9th Tactical Reconnaissance Squadron
||This article includes a list of references, but its sources remain unclear because it has insufficient inline citations. (December 2012)|
|9th Tactical Reconnaissance Squadron
Douglas B-66B Destroyer
|Active||1943-1945; 1946-1947; 1953-1969|
|Branch||United States Air Force|
|Role||Reconnaissance and Electronic Warfare|
|Part of||Tactical Air Command|
|Emblem of the 9th Tactical Reconnaissance Squadron (Approved 14 October 1946)[note 1]|
The 9th Tactical Reconnaissance Squadron is an inactive United States Air Force organization. Its last assignment was with the 363d Tactical Reconnaissance Wing at Shaw Air Force Base, South Carolina, where it was inactivated on 1 September 1969.
761st Bombardment Squadron
Activated as the 761st Bombardment Squadron (Heavy) in mid-1943; assigned to II Bomber Command for training with B-24 Liberators. Primarily trained in New Mexico and Utah. Received deployment orders for the Mediterranean Theater of Operations (MTO) in August 1943. Moved to Georgia and Virginia where the squadron flew coastal patrol missions over the Southeast, October 1943-January 1944 while station in Italy was being constructed.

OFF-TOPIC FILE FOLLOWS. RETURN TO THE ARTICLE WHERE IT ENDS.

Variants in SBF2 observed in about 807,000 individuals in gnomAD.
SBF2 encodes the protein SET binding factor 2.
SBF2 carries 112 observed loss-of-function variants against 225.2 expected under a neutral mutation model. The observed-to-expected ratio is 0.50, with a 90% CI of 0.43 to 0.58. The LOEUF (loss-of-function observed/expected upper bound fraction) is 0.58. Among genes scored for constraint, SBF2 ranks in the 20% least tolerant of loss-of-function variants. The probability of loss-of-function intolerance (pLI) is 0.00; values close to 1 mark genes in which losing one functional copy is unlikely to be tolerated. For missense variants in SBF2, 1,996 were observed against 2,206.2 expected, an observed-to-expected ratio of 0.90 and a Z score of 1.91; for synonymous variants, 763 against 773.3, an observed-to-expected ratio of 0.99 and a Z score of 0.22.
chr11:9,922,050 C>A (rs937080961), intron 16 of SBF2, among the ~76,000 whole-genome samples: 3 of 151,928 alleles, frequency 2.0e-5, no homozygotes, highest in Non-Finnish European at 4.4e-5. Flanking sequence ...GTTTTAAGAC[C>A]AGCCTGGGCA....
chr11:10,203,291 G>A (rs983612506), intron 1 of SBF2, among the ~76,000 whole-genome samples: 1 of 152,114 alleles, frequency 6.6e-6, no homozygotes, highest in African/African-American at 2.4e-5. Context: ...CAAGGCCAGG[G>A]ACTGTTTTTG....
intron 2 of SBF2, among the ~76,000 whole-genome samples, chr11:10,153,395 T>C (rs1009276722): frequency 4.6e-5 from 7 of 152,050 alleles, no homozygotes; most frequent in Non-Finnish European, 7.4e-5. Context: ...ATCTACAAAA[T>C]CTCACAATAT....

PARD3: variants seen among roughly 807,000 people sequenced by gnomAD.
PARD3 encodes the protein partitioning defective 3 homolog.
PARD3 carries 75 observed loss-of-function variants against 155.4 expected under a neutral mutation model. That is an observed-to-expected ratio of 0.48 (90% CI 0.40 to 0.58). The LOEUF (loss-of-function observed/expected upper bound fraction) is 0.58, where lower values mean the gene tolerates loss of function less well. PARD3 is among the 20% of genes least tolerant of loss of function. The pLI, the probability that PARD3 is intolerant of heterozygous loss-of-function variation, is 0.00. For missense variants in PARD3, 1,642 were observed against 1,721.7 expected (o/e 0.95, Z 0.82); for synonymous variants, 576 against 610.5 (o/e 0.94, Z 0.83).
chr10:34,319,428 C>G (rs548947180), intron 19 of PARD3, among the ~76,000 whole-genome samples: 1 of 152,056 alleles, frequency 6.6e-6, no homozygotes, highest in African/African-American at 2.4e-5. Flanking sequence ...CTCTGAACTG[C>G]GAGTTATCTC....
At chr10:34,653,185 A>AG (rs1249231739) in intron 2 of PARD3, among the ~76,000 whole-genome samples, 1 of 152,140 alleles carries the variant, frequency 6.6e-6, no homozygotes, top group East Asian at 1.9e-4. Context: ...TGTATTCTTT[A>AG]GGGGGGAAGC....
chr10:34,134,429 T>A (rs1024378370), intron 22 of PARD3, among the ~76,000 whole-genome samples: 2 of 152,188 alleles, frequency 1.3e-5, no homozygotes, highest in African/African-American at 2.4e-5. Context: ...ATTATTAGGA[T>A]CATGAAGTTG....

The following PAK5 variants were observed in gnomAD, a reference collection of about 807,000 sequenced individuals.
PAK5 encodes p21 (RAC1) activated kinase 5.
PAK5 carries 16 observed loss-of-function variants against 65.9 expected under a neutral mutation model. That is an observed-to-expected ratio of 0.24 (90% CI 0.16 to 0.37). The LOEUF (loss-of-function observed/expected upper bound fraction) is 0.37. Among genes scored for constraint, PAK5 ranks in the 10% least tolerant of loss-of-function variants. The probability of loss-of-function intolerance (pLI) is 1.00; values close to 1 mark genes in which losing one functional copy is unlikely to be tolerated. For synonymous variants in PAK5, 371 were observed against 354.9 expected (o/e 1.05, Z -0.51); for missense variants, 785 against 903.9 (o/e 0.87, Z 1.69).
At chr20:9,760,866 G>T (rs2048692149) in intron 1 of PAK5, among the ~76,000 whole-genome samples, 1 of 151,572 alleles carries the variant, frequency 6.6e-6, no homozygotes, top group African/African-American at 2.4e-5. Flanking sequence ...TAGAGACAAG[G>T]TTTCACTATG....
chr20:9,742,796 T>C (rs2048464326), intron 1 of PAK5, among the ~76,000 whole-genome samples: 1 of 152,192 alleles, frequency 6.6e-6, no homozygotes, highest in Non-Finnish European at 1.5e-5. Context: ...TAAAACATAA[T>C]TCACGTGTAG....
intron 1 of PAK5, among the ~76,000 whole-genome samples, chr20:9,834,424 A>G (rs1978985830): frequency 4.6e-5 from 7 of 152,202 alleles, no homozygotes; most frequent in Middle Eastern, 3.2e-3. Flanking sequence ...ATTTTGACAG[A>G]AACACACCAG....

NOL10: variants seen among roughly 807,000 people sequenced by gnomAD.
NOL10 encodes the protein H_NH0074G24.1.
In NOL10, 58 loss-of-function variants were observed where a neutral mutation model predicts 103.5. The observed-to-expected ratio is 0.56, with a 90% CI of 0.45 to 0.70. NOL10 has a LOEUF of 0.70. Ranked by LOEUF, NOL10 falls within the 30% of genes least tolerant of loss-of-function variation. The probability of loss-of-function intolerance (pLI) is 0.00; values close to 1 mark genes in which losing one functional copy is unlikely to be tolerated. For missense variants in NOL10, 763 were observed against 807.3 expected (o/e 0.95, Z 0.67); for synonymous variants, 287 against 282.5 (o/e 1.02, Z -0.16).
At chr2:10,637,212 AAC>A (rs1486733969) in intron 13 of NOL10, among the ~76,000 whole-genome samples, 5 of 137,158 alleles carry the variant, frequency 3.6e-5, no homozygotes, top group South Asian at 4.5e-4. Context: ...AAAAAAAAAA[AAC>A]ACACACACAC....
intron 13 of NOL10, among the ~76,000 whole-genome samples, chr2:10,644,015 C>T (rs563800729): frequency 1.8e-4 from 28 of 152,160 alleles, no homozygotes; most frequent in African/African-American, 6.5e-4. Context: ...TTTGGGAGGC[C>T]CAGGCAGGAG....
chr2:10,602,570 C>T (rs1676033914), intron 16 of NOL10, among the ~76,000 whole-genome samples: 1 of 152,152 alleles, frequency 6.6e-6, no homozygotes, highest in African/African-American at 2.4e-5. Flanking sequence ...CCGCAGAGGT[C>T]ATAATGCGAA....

Deployed to Southern Italy in January 1944; entered combat in January 1944, being assigned to Fifteenth Air Force 55th Bombardment Wing. Engaged in very long range strategic bombing missions to enemy military, industrial and transportation targets in Italy, France, Germany, Austria, Hungary, Romania, and Yugoslavia, bombing railroad marshaling yards, oil refineries, airdrome installations, heavy industry, and other strategic objectives.
The squadron flew its last World War II combat mission on 26 April 1945. After V-E Day, was assigned to Green Project which was the movement of troops from Europe to the United States via the South Atlantic Transport Route. B-24s were modified with sealed bomb bays, removal of all defensive armament and internal fuselage equipped with seating to carry approximately 30 personnel. Was assigned to Air Transport Command at Waller Field, Trinidad and to Natal, Brazil. Moved personnel from Dakar in French West Africa where personnel were transported across the South Atlantic to Brazil and eventually to Morrison Field, Florida via Trinidad. Provided air transport until the end of September when the unit was inactivated.
9th Tactical Reconnaissance Squadron
Reactivated by the Twentieth Air Force 314th Composite Wing in April 1946 as the 9th Reconnaissance Squadron, Very Long Range, Photographic assigned to Johnson Air Base, Japan. In Japan, the squadron flew various reconnaissance light and heavy bomber aircraft performing mapping missions over Occupied Japan; Kore]; Okinawa; Indochina; China] and other ares under Far East Air Forces control after World War II. Also included classified missions over the Soviet Far East. The squadron was inactivated in October 1947 and its personnel, equipment and mission were transferred to the 31st Reconnaissance Squadron.
The squadron was reactivated in July 1953 by Tactical Air Command (TAC) as the 9th Tactical Reconnaissance Squadron (Electronics and Weather) at Shaw Air Force Base, South Carolina. It was initially equipped with Douglas RB-26 Invader light bombers equipped for night reconnaissance missions.